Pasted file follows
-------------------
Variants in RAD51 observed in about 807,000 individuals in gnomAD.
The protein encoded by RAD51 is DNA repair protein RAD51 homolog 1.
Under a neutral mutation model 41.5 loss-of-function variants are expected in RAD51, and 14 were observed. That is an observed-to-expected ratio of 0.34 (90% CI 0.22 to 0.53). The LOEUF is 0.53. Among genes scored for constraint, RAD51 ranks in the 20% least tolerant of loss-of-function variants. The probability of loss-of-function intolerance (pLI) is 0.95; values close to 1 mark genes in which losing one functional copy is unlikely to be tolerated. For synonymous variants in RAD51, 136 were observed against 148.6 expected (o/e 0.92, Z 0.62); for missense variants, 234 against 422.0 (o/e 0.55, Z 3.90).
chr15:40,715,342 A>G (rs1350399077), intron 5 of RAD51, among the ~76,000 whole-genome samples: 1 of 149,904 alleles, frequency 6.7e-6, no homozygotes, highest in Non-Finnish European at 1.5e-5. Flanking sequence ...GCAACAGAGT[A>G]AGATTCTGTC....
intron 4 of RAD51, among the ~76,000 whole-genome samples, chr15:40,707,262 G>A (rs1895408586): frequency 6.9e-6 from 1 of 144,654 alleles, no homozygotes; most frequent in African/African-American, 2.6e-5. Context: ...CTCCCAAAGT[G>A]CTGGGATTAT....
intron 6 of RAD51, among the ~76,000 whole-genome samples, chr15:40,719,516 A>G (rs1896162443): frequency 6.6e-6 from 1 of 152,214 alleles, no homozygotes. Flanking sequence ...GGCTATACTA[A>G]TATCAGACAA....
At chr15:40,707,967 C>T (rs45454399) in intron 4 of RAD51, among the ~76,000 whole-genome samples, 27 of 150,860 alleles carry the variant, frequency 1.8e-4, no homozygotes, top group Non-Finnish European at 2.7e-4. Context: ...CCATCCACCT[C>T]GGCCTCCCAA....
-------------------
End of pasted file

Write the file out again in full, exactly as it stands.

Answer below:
Variants in RAD51 observed in about 807,000 individuals in gnomAD.
The protein encoded by RAD51 is DNA repair protein RAD51 homolog 1.
Under a neutral mutation model 41.5 loss-of-function variants are expected in RAD51, and 14 were observed. That is an observed-to-expected ratio of 0.34 (90% CI 0.22 to 0.53). The LOEUF is 0.53. Among genes scored for constraint, RAD51 ranks in the 20% least tolerant of loss-of-function variants. The probability of loss-of-function intolerance (pLI) is 0.95; values close to 1 mark genes in which losing one functional copy is unlikely to be tolerated. For synonymous variants in RAD51, 136 were observed against 148.6 expected (o/e 0.92, Z 0.62); for missense variants, 234 against 422.0 (o/e 0.55, Z 3.90).
chr15:40,715,342 A>G (rs1350399077), intron 5 of RAD51, among the ~76,000 whole-genome samples: 1 of 149,904 alleles, frequency 6.7e-6, no homozygotes, highest in Non-Finnish European at 1.5e-5. Flanking sequence ...GCAACAGAGT[A>G]AGATTCTGTC....
intron 4 of RAD51, among the ~76,000 whole-genome samples, chr15:40,707,262 G>A (rs1895408586): frequency 6.9e-6 from 1 of 144,654 alleles, no homozygotes; most frequent in African/African-American, 2.6e-5. Context: ...CTCCCAAAGT[G>A]CTGGGATTAT....
intron 6 of RAD51, among the ~76,000 whole-genome samples, chr15:40,719,516 A>G (rs1896162443): frequency 6.6e-6 from 1 of 152,214 alleles, no homozygotes. Flanking sequence ...GGCTATACTA[A>G]TATCAGACAA....
At chr15:40,707,967 C>T (rs45454399) in intron 4 of RAD51, among the ~76,000 whole-genome samples, 27 of 150,860 alleles carry the variant, frequency 1.8e-4, no homozygotes, top group Non-Finnish European at 2.7e-4. Context: ...CCATCCACCT[C>T]GGCCTCCCAA....